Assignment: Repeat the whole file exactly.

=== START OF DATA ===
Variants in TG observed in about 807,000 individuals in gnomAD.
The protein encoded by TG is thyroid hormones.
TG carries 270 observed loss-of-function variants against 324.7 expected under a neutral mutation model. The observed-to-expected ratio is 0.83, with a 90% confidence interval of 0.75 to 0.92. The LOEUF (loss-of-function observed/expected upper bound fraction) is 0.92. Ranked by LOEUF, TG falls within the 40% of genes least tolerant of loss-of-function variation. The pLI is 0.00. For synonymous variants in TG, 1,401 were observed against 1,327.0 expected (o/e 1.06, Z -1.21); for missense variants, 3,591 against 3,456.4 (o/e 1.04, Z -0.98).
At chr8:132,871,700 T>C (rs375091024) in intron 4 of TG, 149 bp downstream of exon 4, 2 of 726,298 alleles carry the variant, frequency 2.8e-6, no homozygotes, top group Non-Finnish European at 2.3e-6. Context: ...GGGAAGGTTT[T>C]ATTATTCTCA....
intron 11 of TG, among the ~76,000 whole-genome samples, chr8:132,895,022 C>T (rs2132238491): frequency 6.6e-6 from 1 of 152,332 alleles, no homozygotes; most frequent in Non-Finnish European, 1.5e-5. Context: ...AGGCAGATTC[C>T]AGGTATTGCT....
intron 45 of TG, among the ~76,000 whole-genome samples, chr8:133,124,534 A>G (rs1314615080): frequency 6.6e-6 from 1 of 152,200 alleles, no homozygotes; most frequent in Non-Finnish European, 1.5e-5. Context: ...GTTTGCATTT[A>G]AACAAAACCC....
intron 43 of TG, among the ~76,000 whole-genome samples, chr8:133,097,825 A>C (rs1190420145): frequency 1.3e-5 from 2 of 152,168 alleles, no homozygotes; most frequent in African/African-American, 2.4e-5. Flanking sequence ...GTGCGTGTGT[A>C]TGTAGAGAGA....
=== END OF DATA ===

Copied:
Variants in TG observed in about 807,000 individuals in gnomAD.
The protein encoded by TG is thyroid hormones.
TG carries 270 observed loss-of-function variants against 324.7 expected under a neutral mutation model. The observed-to-expected ratio is 0.83, with a 90% confidence interval of 0.75 to 0.92. The LOEUF (loss-of-function observed/expected upper bound fraction) is 0.92. Ranked by LOEUF, TG falls within the 40% of genes least tolerant of loss-of-function variation. The pLI is 0.00. For synonymous variants in TG, 1,401 were observed against 1,327.0 expected (o/e 1.06, Z -1.21); for missense variants, 3,591 against 3,456.4 (o/e 1.04, Z -0.98).
At chr8:132,871,700 T>C (rs375091024) in intron 4 of TG, 149 bp downstream of exon 4, 2 of 726,298 alleles carry the variant, frequency 2.8e-6, no homozygotes, top group Non-Finnish European at 2.3e-6. Context: ...GGGAAGGTTT[T>C]ATTATTCTCA....
intron 11 of TG, among the ~76,000 whole-genome samples, chr8:132,895,022 C>T (rs2132238491): frequency 6.6e-6 from 1 of 152,332 alleles, no homozygotes; most frequent in Non-Finnish European, 1.5e-5. Context: ...AGGCAGATTC[C>T]AGGTATTGCT....
intron 45 of TG, among the ~76,000 whole-genome samples, chr8:133,124,534 A>G (rs1314615080): frequency 6.6e-6 from 1 of 152,200 alleles, no homozygotes; most frequent in Non-Finnish European, 1.5e-5. Context: ...GTTTGCATTT[A>G]AACAAAACCC....
intron 43 of TG, among the ~76,000 whole-genome samples, chr8:133,097,825 A>C (rs1190420145): frequency 1.3e-5 from 2 of 152,168 alleles, no homozygotes; most frequent in African/African-American, 2.4e-5. Flanking sequence ...GTGCGTGTGT[A>C]TGTAGAGAGA....